As I declined an invitation to be a debutante at the boarding school where I used to study, I have been musing about what I was missing out on. Was it only a succession of parties, as I heard? Or was there some type of covert ritual I forfeited learning?

In the mid-’90s, Annie Leibovitz captured the portrait of some debutantes from the Delta Debutante Club, located in Greenville, Mississippi. Dressed in gowns, pearls, and gloves, their bored and solemn expressions revealed that their lives were about to begin–their debut was followed by courtship, marriage, motherhood, and eventually the debutante balls of their own daughters.

When I saw this photograph in a book from the Ole Miss library, I was reminded of how close these debutantes could be to me, and that their daughters could be getting ready for a ball of their own.

Around the globe, debutante balls and related ceremonies take place to formally introduce a young lady of a marriageable age into her community. This Southern tradition started in the pre-Civil War period as a means of arranging classy marriages between young heirs and heiresses of plantations.

The clothing worn by the debutante is a white formal gown that could be easily mistaken for a wedding dress, and it is paired with long white satin gloves.

No contact information was provided for the Delta Debutante Club, so I sought out a hotel that had recently held one of its balls. The hotel manager declined to confirm an association with the Delta Debutante Club, but she offered to share my contact information in case someone wanted to reach out.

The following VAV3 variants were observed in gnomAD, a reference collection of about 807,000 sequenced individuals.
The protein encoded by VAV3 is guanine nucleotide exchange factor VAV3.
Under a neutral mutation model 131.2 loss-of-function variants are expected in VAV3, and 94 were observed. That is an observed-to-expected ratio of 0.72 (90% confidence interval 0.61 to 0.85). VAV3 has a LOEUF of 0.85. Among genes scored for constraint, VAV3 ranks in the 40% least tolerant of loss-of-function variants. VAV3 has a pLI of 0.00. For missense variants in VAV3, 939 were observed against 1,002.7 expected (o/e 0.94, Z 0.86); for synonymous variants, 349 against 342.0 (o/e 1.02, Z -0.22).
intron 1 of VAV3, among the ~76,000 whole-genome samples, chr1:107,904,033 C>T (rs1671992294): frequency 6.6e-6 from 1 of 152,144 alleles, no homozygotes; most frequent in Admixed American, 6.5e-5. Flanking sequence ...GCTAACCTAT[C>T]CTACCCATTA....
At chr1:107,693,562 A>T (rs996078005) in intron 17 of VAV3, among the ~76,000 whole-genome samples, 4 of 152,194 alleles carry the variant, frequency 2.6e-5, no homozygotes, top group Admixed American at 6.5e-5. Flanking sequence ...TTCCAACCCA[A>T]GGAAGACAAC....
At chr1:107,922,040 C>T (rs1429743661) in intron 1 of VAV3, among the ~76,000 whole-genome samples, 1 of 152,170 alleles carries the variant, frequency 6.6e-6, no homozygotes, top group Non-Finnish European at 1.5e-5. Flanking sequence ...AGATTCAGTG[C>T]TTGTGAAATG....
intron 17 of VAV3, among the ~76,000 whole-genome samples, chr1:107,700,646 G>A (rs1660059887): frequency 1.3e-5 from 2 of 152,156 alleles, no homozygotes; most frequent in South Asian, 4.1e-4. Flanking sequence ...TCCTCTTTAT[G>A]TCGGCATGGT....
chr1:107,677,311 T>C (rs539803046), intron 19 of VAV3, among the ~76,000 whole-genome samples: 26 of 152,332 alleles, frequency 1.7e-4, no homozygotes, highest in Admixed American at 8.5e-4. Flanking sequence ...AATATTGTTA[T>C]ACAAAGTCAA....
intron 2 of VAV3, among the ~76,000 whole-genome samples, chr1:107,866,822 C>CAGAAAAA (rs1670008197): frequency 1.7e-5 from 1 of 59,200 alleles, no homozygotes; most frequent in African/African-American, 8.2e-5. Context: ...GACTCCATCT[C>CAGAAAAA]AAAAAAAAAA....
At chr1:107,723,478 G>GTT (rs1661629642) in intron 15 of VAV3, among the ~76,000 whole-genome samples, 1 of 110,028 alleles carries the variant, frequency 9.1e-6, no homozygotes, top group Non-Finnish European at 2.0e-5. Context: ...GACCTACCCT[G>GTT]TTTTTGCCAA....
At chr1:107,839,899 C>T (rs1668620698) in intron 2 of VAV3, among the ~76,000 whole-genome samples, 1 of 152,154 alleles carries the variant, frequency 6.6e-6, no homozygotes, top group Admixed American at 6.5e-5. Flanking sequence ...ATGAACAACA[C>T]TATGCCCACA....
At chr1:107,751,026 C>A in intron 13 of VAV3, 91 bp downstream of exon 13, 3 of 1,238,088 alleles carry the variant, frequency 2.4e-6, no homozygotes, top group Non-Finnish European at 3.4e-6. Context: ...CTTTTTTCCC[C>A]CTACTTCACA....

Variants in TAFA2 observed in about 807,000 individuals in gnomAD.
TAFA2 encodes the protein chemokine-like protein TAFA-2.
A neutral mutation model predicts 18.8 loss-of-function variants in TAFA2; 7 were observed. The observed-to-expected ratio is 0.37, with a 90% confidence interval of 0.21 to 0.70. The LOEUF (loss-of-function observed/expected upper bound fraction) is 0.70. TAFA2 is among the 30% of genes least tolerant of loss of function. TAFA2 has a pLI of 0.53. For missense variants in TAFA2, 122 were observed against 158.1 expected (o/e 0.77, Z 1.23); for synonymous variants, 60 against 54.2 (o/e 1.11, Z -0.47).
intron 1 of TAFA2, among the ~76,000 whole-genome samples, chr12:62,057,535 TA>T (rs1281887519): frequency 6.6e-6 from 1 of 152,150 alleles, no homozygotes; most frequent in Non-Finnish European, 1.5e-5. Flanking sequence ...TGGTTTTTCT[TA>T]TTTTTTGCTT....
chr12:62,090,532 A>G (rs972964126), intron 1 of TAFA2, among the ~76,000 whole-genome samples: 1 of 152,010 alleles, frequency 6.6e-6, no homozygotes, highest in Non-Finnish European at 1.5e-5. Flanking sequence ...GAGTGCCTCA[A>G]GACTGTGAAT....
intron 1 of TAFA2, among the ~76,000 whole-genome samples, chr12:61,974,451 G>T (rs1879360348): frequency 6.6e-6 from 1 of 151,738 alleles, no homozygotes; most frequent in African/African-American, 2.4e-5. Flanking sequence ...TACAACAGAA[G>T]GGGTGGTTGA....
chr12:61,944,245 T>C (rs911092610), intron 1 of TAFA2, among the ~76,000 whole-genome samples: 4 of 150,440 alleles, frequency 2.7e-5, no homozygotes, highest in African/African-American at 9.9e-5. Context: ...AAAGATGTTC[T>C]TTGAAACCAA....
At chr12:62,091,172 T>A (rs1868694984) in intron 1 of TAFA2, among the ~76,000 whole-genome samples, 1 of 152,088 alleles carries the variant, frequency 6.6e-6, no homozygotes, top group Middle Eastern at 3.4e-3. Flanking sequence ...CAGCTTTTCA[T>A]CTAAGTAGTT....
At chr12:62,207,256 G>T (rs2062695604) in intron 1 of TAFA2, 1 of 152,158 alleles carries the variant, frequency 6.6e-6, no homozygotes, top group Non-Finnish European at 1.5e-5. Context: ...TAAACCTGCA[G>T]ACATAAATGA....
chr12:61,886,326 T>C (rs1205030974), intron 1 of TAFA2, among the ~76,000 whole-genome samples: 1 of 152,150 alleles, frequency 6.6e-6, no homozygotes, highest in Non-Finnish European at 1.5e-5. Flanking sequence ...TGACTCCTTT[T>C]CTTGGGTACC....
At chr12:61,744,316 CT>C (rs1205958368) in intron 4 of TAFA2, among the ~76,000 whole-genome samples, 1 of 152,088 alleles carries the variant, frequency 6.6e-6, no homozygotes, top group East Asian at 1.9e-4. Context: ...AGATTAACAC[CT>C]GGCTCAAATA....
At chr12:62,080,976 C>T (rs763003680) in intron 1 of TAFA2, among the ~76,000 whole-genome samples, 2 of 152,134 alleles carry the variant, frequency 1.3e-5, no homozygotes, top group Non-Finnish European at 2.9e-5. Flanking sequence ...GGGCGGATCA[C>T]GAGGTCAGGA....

After a month, I received a voicemail from a perplexed female. Someone had given her my contact details but she was uncertain of the purpose. I returned her call, attempting to use the Southern dialect I had as a kid.

I stressed to her that I was from Tupelo, then provided the names of my parents and grandparents, before I explained that the University of Mississippi had asked me to stay for a year because of my writing.

“Right,” she replied, her tolerance waning. She inquired, in the manner of a well-mannered Southerner, as to what I desired.

I made it clear that I was interested in learning more about debutantes; I fully understood their desire for privacy and would never wish to intrude upon that. I promised that the piece I would write would be a human-interest story, not a scandalous exposé.

As an inhabitant of Mississippi, I mentioned that I had some relatives who had lived in Greenville; however, the lady I was speaking to did not know them.